Botin - A remembrance

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This is a review I wrote about Botin, the oldest restaurant in the world. It originally appeared in the Orlando Sentinel November 18, 2001. The Miami version of Botin did not last but a few months.

When you’re a restaurant critic every vacation is a busman’s holiday. While others use their annual leave to get away from their workaday routines, mine follows me wherever I go. When I take a break, I’d just as soon avoid restaurants altogether, but as they say in the little ditty on some fast food commercial, “Ya gotta eat.”

And I always feel some sense of duty to try to find something wonderful, some place that defines an area’s cuisine. So before a big trip – and all along the way – I plot and plan for places to eat that will give me a taste of the region’s culinary culture. So every trip becomes another edition of “How I Ate My Summer Vacation.” Work, work, work.
I’m not getting any sympathy here, am I?

Truth be known, I’d much rather grab quick bites here and there from street vendors than sit still for a full restaurant meal. I usually compromise with my traveling companion and strive for a balanced combination of both.

That was the case during a September vacation to Spain and France, a trip that was filled with exceptional food, some merely simple bites that cost a pittance and some extravagant multi-course meals that cost hundreds of dollars.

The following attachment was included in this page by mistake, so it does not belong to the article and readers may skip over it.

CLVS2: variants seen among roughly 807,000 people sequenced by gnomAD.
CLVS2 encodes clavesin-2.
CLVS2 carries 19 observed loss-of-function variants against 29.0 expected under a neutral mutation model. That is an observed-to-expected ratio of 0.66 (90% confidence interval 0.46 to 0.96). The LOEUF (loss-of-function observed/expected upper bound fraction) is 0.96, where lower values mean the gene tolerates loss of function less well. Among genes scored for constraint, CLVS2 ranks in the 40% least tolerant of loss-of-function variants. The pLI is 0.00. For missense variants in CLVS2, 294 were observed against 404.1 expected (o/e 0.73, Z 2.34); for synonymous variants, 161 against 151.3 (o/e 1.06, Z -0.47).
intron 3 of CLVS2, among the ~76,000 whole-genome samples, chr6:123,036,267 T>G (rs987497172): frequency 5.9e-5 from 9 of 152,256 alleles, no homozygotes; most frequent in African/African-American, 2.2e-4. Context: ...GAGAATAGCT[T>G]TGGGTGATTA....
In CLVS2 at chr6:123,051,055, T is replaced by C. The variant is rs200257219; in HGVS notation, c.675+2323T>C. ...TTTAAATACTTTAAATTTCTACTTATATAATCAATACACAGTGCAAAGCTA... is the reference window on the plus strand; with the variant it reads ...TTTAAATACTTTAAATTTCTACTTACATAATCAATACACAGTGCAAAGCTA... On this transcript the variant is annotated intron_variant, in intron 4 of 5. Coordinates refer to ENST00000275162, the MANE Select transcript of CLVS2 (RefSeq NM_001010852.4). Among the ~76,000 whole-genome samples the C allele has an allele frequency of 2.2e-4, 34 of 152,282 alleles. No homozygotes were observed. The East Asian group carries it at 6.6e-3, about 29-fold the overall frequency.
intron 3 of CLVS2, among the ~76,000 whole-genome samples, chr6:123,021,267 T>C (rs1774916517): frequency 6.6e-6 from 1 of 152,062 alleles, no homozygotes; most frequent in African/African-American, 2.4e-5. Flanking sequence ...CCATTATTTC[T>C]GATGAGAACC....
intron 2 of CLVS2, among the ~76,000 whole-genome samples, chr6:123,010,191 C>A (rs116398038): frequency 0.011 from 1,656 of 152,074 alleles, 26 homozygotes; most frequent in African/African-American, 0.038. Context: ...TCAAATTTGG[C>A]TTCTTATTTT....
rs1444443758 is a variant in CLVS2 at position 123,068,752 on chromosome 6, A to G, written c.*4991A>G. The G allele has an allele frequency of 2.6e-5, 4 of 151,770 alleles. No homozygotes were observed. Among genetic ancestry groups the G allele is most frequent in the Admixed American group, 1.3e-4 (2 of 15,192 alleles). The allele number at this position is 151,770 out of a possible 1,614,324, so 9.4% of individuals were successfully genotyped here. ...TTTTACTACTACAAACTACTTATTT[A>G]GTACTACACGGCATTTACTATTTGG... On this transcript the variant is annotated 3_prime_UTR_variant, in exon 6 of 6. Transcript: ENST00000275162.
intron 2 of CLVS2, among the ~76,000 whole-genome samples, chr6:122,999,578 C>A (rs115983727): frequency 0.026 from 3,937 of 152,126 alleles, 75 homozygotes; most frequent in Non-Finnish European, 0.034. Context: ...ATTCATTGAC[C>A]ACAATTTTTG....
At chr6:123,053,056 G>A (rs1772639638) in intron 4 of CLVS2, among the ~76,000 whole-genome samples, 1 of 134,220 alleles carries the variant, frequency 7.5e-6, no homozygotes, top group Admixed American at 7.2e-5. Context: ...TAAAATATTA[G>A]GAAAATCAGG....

And in the middle of it all was an old restaurant with a Florida connection that provided a most memorable meal, a meal more memorable than I could have imagined.

The trip began shortly after Labor Day in Barcelona. There I recall a particularly satisfying lunch at an outdoor cafe on the Ramblas, the tree-lined pedestrian thoroughfare that runs from Placa Catalunya to the port, where I nibbled on mellow manchego cheese and sipped glasses of vino tinto. Then later that evening we dined at another Ramblas cafe where we ate thin slices of  jamon serrano while watching a con artist (and his four confederates, including one who stood near our table watching for the police) bilk naïve marks with games of three-card monty. And a breakfast of omelets and cheese in the Placa Reial under the appropriately regal palms listening to a man in dirty and torn dungarees play his accordion for tips.

At the other end of the trip was Paris, one of my favorite cities. I had always wanted to dine at Jules Verne, the Michelin-starred restaurant on the second level of the Eiffel Tower, and this time I was able to finagle a much sought-after table (they’re booked months in advance) for a luncheon. We had appetizers of liver pate and fois gras with scallops, entrees of veal in a cream sauce and sliced breast of duckling, followed by a melange of cheeses, plus a very modest bottle of wine. Lunch for two: $350 U.S. (Was it worth it? No. Am I glad I did it? Absolutely.)